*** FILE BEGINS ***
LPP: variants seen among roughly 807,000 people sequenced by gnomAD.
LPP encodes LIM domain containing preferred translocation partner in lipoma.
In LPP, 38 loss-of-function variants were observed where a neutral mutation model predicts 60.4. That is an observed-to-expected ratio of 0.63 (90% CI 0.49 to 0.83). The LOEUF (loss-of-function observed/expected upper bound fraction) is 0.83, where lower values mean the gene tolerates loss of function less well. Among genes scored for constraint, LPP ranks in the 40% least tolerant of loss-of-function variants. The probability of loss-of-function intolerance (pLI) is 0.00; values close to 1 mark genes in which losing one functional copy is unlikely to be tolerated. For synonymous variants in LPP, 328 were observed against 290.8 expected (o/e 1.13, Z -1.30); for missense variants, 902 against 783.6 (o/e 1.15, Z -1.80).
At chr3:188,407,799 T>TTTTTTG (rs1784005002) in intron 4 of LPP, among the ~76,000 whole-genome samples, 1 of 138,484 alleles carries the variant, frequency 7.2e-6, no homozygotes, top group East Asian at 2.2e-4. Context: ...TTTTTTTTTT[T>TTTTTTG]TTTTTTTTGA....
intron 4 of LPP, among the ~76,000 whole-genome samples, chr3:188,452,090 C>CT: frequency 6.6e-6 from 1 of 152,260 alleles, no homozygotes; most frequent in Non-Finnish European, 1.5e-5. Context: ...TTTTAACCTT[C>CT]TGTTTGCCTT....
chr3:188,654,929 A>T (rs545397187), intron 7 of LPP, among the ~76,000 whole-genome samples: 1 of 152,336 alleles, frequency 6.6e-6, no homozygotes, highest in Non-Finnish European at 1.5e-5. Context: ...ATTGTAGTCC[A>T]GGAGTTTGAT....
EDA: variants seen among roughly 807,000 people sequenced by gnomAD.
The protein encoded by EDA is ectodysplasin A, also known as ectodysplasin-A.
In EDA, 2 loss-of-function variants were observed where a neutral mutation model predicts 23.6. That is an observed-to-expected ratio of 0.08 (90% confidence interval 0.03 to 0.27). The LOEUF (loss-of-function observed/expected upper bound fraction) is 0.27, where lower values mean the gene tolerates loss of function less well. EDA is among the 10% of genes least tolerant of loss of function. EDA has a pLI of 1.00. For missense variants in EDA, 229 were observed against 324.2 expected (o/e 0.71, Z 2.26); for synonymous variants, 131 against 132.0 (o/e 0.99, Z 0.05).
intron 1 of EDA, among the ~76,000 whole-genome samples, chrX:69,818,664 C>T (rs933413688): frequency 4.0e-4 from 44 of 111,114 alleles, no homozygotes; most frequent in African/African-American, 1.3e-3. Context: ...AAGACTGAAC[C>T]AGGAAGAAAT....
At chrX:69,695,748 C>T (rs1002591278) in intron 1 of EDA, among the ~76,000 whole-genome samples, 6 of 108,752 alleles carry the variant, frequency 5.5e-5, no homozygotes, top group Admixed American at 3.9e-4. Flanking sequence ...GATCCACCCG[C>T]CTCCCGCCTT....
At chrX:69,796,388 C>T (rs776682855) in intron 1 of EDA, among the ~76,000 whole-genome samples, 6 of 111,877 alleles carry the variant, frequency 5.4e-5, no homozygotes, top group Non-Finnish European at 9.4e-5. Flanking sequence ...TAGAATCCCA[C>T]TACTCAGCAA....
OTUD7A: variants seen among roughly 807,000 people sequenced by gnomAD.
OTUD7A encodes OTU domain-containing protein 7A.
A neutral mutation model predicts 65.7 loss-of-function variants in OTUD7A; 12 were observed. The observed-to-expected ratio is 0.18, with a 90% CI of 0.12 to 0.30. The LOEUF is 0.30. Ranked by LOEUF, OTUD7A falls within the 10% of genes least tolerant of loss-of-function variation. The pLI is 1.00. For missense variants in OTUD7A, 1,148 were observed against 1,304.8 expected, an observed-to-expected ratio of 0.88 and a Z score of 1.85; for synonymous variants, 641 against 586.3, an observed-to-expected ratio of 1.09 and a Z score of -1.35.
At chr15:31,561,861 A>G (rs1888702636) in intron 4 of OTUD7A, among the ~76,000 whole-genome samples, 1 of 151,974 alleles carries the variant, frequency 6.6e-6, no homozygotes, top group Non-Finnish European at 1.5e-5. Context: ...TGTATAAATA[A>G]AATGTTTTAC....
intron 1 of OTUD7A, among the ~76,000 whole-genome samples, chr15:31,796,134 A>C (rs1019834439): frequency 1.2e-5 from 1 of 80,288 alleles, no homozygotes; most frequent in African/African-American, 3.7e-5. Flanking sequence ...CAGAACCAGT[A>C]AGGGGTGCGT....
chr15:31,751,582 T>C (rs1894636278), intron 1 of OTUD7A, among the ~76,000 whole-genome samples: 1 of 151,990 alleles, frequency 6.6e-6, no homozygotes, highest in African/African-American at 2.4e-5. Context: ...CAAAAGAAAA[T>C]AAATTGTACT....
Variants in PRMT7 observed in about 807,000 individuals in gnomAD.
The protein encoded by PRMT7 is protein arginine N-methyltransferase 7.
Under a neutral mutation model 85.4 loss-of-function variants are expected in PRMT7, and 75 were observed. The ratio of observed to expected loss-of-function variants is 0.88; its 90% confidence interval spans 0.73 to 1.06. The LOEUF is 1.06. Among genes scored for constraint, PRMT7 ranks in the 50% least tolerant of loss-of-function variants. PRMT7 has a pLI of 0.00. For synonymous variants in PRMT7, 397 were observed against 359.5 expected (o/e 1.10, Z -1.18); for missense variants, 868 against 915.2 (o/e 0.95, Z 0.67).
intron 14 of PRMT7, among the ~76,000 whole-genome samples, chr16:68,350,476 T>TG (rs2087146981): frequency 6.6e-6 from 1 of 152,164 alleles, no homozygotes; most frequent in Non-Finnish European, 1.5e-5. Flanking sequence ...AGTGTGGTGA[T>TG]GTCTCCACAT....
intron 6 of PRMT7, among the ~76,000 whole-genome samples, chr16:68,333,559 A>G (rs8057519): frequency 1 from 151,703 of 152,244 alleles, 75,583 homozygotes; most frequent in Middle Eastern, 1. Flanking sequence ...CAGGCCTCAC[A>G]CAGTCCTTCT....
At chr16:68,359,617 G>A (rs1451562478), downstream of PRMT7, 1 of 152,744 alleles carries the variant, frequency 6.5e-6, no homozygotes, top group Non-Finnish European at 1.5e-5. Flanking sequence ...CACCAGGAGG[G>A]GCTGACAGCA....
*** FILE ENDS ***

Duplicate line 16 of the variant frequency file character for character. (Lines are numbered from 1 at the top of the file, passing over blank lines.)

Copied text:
At chr15:31,561,861 A>G (rs1888702636) in intron 4 of OTUD7A, among the ~76,000 whole-genome samples, 1 of 151,974 alleles carries the variant, frequency 6.6e-6, no homozygotes, top group Non-Finnish European at 1.5e-5. Context: ...TGTATAAATA[A>G]AATGTTTTAC....